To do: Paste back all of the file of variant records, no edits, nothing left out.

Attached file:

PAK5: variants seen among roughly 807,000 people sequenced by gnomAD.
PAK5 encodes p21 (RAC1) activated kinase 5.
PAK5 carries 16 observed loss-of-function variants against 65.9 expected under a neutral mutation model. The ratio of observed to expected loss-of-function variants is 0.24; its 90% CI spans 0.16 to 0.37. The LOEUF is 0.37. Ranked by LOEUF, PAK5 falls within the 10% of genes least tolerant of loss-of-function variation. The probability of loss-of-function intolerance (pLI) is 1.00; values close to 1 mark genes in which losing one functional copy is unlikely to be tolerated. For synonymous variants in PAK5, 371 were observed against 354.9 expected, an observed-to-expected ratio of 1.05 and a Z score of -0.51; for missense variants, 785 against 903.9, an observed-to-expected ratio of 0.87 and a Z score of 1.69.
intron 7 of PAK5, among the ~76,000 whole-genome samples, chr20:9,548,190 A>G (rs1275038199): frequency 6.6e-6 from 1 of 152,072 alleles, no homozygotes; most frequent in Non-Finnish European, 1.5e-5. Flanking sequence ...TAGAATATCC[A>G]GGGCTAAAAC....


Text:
PAK5: variants seen among roughly 807,000 people sequenced by gnomAD.
PAK5 encodes p21 (RAC1) activated kinase 5.
PAK5 carries 16 observed loss-of-function variants against 65.9 expected under a neutral mutation model. The ratio of observed to expected loss-of-function variants is 0.24; its 90% CI spans 0.16 to 0.37. The LOEUF is 0.37. Ranked by LOEUF, PAK5 falls within the 10% of genes least tolerant of loss-of-function variation. The probability of loss-of-function intolerance (pLI) is 1.00; values close to 1 mark genes in which losing one functional copy is unlikely to be tolerated. For synonymous variants in PAK5, 371 were observed against 354.9 expected, an observed-to-expected ratio of 1.05 and a Z score of -0.51; for missense variants, 785 against 903.9, an observed-to-expected ratio of 0.87 and a Z score of 1.69.
intron 7 of PAK5, among the ~76,000 whole-genome samples, chr20:9,548,190 A>G (rs1275038199): frequency 6.6e-6 from 1 of 152,072 alleles, no homozygotes; most frequent in Non-Finnish European, 1.5e-5. Flanking sequence ...TAGAATATCC[A>G]GGGCTAAAAC....